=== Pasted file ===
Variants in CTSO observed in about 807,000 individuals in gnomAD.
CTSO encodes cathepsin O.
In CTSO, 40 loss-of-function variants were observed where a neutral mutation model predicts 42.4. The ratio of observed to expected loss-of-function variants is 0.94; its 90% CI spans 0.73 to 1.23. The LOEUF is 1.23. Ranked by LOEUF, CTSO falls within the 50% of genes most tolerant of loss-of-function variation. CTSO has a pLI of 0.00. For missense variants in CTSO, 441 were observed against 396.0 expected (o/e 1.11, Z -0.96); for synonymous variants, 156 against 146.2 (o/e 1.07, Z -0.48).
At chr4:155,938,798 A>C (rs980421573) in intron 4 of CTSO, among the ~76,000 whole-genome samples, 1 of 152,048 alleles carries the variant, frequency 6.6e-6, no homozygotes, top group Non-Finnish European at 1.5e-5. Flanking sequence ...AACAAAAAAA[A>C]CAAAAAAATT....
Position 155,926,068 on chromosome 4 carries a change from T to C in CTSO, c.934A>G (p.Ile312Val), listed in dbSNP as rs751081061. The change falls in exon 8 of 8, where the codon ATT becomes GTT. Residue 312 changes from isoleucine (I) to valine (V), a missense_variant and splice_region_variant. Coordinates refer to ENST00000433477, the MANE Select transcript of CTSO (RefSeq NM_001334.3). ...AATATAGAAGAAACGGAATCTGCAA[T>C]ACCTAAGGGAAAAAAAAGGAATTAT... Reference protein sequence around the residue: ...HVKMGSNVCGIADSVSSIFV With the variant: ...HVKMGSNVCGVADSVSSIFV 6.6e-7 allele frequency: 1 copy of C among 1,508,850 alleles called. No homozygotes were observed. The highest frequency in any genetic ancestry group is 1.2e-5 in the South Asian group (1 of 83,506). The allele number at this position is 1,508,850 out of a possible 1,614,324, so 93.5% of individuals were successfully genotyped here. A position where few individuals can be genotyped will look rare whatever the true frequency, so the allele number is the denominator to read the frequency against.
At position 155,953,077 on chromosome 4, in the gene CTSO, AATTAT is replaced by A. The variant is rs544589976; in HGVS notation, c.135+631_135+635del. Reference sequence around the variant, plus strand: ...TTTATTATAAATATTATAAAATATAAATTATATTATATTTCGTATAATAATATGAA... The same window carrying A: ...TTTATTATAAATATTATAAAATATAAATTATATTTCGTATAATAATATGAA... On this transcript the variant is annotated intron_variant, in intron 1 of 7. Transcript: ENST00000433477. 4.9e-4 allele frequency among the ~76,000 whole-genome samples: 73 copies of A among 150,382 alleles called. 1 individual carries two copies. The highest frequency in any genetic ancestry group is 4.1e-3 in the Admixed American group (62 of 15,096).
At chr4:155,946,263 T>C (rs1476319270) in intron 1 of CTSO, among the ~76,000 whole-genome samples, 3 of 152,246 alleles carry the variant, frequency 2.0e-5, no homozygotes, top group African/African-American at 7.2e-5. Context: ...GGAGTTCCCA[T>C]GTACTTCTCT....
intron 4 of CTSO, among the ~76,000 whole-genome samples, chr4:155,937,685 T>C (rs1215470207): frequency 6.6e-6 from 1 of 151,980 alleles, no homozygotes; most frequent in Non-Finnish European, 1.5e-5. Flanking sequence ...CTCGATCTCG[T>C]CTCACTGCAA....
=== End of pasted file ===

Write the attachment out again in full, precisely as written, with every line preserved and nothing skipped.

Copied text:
Variants in CTSO observed in about 807,000 individuals in gnomAD.
CTSO encodes cathepsin O.
In CTSO, 40 loss-of-function variants were observed where a neutral mutation model predicts 42.4. The ratio of observed to expected loss-of-function variants is 0.94; its 90% CI spans 0.73 to 1.23. The LOEUF is 1.23. Ranked by LOEUF, CTSO falls within the 50% of genes most tolerant of loss-of-function variation. CTSO has a pLI of 0.00. For missense variants in CTSO, 441 were observed against 396.0 expected (o/e 1.11, Z -0.96); for synonymous variants, 156 against 146.2 (o/e 1.07, Z -0.48).
At chr4:155,938,798 A>C (rs980421573) in intron 4 of CTSO, among the ~76,000 whole-genome samples, 1 of 152,048 alleles carries the variant, frequency 6.6e-6, no homozygotes, top group Non-Finnish European at 1.5e-5. Flanking sequence ...AACAAAAAAA[A>C]CAAAAAAATT....
Position 155,926,068 on chromosome 4 carries a change from T to C in CTSO, c.934A>G (p.Ile312Val), listed in dbSNP as rs751081061. The change falls in exon 8 of 8, where the codon ATT becomes GTT. Residue 312 changes from isoleucine (I) to valine (V), a missense_variant and splice_region_variant. Coordinates refer to ENST00000433477, the MANE Select transcript of CTSO (RefSeq NM_001334.3). ...AATATAGAAGAAACGGAATCTGCAA[T>C]ACCTAAGGGAAAAAAAAGGAATTAT... Reference protein sequence around the residue: ...HVKMGSNVCGIADSVSSIFV With the variant: ...HVKMGSNVCGVADSVSSIFV 6.6e-7 allele frequency: 1 copy of C among 1,508,850 alleles called. No homozygotes were observed. The highest frequency in any genetic ancestry group is 1.2e-5 in the South Asian group (1 of 83,506). The allele number at this position is 1,508,850 out of a possible 1,614,324, so 93.5% of individuals were successfully genotyped here. A position where few individuals can be genotyped will look rare whatever the true frequency, so the allele number is the denominator to read the frequency against.
At position 155,953,077 on chromosome 4, in the gene CTSO, AATTAT is replaced by A. The variant is rs544589976; in HGVS notation, c.135+631_135+635del. Reference sequence around the variant, plus strand: ...TTTATTATAAATATTATAAAATATAAATTATATTATATTTCGTATAATAATATGAA... The same window carrying A: ...TTTATTATAAATATTATAAAATATAAATTATATTTCGTATAATAATATGAA... On this transcript the variant is annotated intron_variant, in intron 1 of 7. Transcript: ENST00000433477. 4.9e-4 allele frequency among the ~76,000 whole-genome samples: 73 copies of A among 150,382 alleles called. 1 individual carries two copies. The highest frequency in any genetic ancestry group is 4.1e-3 in the Admixed American group (62 of 15,096).
At chr4:155,946,263 T>C (rs1476319270) in intron 1 of CTSO, among the ~76,000 whole-genome samples, 3 of 152,246 alleles carry the variant, frequency 2.0e-5, no homozygotes, top group African/African-American at 7.2e-5. Context: ...GGAGTTCCCA[T>C]GTACTTCTCT....
intron 4 of CTSO, among the ~76,000 whole-genome samples, chr4:155,937,685 T>C (rs1215470207): frequency 6.6e-6 from 1 of 151,980 alleles, no homozygotes; most frequent in Non-Finnish European, 1.5e-5. Flanking sequence ...CTCGATCTCG[T>C]CTCACTGCAA....